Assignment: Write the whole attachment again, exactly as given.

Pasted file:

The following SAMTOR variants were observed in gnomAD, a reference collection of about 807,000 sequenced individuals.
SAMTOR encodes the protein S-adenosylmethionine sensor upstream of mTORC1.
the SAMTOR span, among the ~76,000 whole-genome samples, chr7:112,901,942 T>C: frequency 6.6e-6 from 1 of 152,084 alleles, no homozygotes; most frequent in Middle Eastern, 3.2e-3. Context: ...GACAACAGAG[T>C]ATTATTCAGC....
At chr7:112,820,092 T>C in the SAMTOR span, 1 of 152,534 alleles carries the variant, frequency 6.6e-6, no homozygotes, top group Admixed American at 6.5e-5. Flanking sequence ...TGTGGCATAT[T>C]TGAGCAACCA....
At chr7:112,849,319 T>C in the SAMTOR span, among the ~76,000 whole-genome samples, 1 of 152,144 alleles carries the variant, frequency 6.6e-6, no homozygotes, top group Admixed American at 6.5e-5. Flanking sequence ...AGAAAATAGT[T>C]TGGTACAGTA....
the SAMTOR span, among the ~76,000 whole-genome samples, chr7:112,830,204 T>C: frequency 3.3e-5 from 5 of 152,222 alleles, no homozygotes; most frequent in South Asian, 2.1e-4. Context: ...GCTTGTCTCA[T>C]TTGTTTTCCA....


The following SAMTOR variants were observed in gnomAD, a reference collection of about 807,000 sequenced individuals.
SAMTOR encodes the protein S-adenosylmethionine sensor upstream of mTORC1.
the SAMTOR span, among the ~76,000 whole-genome samples, chr7:112,901,942 T>C: frequency 6.6e-6 from 1 of 152,084 alleles, no homozygotes; most frequent in Middle Eastern, 3.2e-3. Context: ...GACAACAGAG[T>C]ATTATTCAGC....
At chr7:112,820,092 T>C in the SAMTOR span, 1 of 152,534 alleles carries the variant, frequency 6.6e-6, no homozygotes, top group Admixed American at 6.5e-5. Flanking sequence ...TGTGGCATAT[T>C]TGAGCAACCA....
At chr7:112,849,319 T>C in the SAMTOR span, among the ~76,000 whole-genome samples, 1 of 152,144 alleles carries the variant, frequency 6.6e-6, no homozygotes, top group Admixed American at 6.5e-5. Flanking sequence ...AGAAAATAGT[T>C]TGGTACAGTA....
the SAMTOR span, among the ~76,000 whole-genome samples, chr7:112,830,204 T>C: frequency 3.3e-5 from 5 of 152,222 alleles, no homozygotes; most frequent in South Asian, 2.1e-4. Context: ...GCTTGTCTCA[T>C]TTGTTTTCCA....